Tell us a bit about your background
I started off as an Intern in the industry working for a communications agency. I worked my way up to working and leading on the day to day engagement on a number of high profile projects including some of the biggest developments in Enfield, Barking and Dagenham and across London.
In 2018, I was elected a Councillor in the London Borough of Redbridge. I gained extensive understanding of the planning process and importance of consultation in my time as a member of the Planning Committee. I am passionate about making sure local communities, and residents are put at the heart of the planning process and ensuring we are building connections from the outset.
What one thing are you most proud of?
I think it is difficult to pinpoint one thing, as there are a number of things. I have really enjoyed different ways of involving residents, whether it be undertaking art competitions with school children to put on the hoardings outside the Whiteley development in Westminster and holding focus group sessions with students from a music academy to inform proposals. I am proud of the diverse range of consultation methods that are available to us.
In my time in the industry I have held and chaired a female led roundtable with Leaders of Councils and London Assembly Members to discuss the London Plan and the future of development and really hope to add to this work.
Finally there are some high profile projects that I have worked on, but I have really enjoyed leading on the day to day engagement for 3,500+ homes and facilities at the former Stamping Plant Site in Barking and Dagenham,
How will you be supporting clients at Cratus?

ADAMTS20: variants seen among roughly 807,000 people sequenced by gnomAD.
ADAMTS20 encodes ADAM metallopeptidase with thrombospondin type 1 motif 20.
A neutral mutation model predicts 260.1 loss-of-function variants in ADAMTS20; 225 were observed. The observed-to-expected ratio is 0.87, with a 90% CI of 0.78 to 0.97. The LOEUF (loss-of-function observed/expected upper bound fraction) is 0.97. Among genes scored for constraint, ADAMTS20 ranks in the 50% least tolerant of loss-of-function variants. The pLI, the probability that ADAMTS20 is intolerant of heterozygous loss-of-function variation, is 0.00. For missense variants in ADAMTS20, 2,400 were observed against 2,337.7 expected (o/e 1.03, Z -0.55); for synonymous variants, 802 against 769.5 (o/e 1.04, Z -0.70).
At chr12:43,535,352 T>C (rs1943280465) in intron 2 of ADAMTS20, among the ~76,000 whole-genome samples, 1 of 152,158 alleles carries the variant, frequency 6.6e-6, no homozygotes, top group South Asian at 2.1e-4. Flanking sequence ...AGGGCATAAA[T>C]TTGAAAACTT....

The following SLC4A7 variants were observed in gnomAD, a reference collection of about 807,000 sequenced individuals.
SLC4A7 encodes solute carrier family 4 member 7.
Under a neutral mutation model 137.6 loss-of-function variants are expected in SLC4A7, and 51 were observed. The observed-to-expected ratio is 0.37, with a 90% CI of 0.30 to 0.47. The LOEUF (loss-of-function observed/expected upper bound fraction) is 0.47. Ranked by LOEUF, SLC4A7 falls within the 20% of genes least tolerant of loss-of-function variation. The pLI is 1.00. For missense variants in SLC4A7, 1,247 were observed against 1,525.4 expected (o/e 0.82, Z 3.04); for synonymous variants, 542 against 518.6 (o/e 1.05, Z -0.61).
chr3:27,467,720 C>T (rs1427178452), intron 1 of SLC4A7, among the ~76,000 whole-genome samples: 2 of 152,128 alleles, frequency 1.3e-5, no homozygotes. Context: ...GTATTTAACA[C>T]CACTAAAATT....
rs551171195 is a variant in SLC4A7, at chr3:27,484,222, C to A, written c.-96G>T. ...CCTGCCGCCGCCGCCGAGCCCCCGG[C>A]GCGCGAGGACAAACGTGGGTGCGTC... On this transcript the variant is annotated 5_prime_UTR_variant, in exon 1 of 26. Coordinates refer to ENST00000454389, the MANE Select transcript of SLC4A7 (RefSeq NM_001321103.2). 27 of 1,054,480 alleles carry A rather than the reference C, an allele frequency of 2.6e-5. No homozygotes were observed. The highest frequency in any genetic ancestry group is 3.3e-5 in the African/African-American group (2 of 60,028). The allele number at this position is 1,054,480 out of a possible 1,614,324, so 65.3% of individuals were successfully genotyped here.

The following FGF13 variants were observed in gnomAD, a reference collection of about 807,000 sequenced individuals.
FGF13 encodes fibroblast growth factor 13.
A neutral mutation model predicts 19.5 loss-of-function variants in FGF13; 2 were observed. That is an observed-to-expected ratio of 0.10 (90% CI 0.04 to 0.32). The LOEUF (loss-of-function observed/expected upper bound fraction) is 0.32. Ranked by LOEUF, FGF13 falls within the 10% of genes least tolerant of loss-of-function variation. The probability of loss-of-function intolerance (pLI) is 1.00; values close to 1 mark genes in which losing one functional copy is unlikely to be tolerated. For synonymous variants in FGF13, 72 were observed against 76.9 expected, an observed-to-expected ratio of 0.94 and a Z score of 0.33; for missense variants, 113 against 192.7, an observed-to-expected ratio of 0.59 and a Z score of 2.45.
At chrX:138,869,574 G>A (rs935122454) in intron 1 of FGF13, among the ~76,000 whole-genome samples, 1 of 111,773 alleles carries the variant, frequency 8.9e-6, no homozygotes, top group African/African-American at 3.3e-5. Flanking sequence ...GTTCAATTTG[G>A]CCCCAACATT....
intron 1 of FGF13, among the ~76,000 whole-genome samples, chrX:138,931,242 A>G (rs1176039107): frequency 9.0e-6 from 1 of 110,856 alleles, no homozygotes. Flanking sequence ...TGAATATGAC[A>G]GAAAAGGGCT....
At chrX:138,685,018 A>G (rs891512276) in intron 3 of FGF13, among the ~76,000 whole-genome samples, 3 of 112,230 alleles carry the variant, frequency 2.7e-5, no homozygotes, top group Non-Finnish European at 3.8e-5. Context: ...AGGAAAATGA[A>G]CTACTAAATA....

I joined Cratus as an Account Manager on the Planning team. I am responsible for community engagement, and supporting the engagement across a number of schemes. I support the Planning team by engaging with local residents, amenity groups and businesses. As I said previously it is important to put people at the heart of planning, so understanding what the concerns, issues raised are and looking at how we can work better together with these groups.
I will be supporting clients to understand the importance of community engagement and ensure we build relationships between the project team and residents and create high quality communication material.
What do you think are the biggest challenges coming up in the planning sector?
There are a number of challenges coming up in the planning sector especially since the pandemic. With the increase in construction costs, material shortages it will be difficult for a lot of developers to build out their planning permissions. However this surprisingly has not seen a shortage in the number of planning applications being submitted to local authorities. There is also concern about viability and how viable a lot of the developments will be. It will be interesting to see what happens in the next couple of years.
What’s your top tip for developers looking to better engage with local authorities?
My top tips for developers looking to better engage with local authorities will always be being honest. It is integral that developers are honest about what they can deliver, and what the constraints are. It is also important for developers to actively engage with the local communities in a timely manner and ensure that consultation is not just a tick box exercise but goes far deeper than that.